In a split panel decision, the U.S. Court of Appeals for the Federal Circuit examined the requirements for personal jurisdiction in a declaratory judgment action in the case of Avocent Huntsville Corp. et al. v. Aten Int’l Co., Ltd., Case No. 07-1353 (Fed. Cir., Dec. 16, 2008) (Linn, J.; Newman, J., dissenting).
Avocent and Aten are competitors in the keyboard-video-mouse switch market. In 2007, Avocent filed a declaratory judgment action against Aten in the U.S. District Court for the Northern District of Alabama, its home district. As the basis of personal jurisdiction, Avocent pled that Aten had sent a letter to Avocent in Alabama, a letter to Avocent’s counsel in Virginia and a letter to Amazon.com in Washington, alleging that Avocent’s products infringed Aten’s patents. Avocent also pled that Aten had placed its products in the “stream of commerce” intending for those products to reach the Northern District of Alabama, and therefore jurisdiction was proper under World-Wide Volkswagen.
First, the Court found that the “stream of commerce” theory was insufficient to establish general personal jurisdiction. With respect to specific personal jurisdiction, the Court found that, for a declaratory judgment action, the claim arises out of the patentee’s accusations of infringement, not the making, using or selling of the product. Accordingly, in order to demonstrate jurisdiction there must be sufficient contact with the forum relating to the accusations for jurisdiction to be proper. Further, because of “principles of fair play and substantial justice afford a patentee sufficient latitude to inform others of its patent rights without subjecting itself to jurisdiction in a foreign forum,” there must be an additional act other than sending letters to the declaratory judgment plaintiff, for example, communication with a licensee in the forum. Based on the facts in this case, the Court found that jurisdiction was not proper. Although the court expressed concerns that its ruling would permit foreign patentees to shield themselves from U.S. patent law by making it difficult to obtain jurisdiction, the court noted that 35 U.S.C. § 293 confers personal jurisdiction over patentees on the U.S. District Court for the District of Columbia.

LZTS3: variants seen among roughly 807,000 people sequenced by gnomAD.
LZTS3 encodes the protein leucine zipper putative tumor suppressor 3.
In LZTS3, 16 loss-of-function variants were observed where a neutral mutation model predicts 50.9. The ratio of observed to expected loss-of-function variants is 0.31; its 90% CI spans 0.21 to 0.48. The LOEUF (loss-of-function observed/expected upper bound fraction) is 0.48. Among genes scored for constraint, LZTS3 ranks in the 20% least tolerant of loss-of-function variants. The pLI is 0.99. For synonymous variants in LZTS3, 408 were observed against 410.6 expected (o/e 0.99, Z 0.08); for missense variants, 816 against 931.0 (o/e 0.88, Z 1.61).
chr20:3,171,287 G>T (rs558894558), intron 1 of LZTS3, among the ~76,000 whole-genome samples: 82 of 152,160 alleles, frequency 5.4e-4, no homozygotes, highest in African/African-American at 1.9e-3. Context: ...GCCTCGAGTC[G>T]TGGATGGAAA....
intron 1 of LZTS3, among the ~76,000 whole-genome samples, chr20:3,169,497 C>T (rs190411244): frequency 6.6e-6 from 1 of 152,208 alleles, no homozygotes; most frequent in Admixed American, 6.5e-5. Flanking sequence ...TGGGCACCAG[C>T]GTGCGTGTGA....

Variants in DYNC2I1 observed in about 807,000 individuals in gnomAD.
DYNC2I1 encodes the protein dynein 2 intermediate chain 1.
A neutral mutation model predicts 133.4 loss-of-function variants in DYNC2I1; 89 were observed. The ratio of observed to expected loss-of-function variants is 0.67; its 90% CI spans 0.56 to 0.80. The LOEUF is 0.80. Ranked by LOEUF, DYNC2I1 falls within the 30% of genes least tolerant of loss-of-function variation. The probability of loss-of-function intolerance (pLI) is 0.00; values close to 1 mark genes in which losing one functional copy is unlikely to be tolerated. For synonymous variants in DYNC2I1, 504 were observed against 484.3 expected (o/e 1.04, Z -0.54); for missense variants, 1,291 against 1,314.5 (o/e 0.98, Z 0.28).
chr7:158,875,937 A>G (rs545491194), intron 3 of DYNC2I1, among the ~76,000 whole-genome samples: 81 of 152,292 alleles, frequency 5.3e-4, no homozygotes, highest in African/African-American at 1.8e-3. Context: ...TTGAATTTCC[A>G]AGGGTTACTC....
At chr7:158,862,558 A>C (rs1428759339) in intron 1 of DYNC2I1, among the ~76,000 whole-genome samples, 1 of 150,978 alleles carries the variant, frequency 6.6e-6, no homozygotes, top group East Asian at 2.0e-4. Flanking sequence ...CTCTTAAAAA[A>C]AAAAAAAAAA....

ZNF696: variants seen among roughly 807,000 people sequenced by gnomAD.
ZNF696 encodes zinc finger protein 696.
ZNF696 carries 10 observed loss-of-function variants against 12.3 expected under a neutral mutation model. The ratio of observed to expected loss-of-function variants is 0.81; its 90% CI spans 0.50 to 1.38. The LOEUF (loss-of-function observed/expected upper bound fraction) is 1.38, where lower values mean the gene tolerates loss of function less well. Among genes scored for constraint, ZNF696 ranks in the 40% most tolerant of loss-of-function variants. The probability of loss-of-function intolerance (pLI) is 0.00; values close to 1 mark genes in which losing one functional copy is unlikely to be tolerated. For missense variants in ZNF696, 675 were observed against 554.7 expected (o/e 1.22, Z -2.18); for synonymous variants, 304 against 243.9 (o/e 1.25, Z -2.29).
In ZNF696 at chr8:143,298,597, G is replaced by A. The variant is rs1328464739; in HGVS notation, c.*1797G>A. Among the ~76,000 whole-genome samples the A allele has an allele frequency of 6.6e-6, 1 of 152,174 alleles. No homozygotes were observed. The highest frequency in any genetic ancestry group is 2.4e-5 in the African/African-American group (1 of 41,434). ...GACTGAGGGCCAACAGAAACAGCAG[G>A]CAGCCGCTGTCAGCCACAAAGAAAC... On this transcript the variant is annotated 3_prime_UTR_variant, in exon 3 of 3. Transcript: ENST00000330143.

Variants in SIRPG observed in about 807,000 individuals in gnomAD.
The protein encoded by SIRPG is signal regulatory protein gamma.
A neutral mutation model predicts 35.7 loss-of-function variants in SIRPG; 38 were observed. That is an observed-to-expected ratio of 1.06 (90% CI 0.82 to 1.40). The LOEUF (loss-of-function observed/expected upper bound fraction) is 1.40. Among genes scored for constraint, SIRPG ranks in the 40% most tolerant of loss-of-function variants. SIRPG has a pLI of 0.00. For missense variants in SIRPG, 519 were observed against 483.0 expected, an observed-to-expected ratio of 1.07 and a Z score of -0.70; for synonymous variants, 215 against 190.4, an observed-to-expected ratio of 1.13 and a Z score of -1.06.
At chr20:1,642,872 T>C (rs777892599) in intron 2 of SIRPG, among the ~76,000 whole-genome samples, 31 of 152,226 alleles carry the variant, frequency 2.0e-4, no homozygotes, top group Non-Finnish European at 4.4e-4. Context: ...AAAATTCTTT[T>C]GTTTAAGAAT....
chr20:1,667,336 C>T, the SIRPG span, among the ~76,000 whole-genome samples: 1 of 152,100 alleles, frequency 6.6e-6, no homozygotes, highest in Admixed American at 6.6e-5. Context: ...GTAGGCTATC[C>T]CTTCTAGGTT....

Judge Newman dissented from the decision, finding that Aten’s contacts with the Northern District of Alabama from regular sales of its products, as well as from the infringement accusations sent to Avocent in the forum, were sufficient to grant personal jurisdiction. In addition to the concerns about foreign patentees discussed by the majority, Judge Newman also raised the concern that the majority’s decision would keep pendent state law claims from being raised in a declaratory judgment action, as the District of Columbia court could find that pendent jurisdiction did not cover those claims.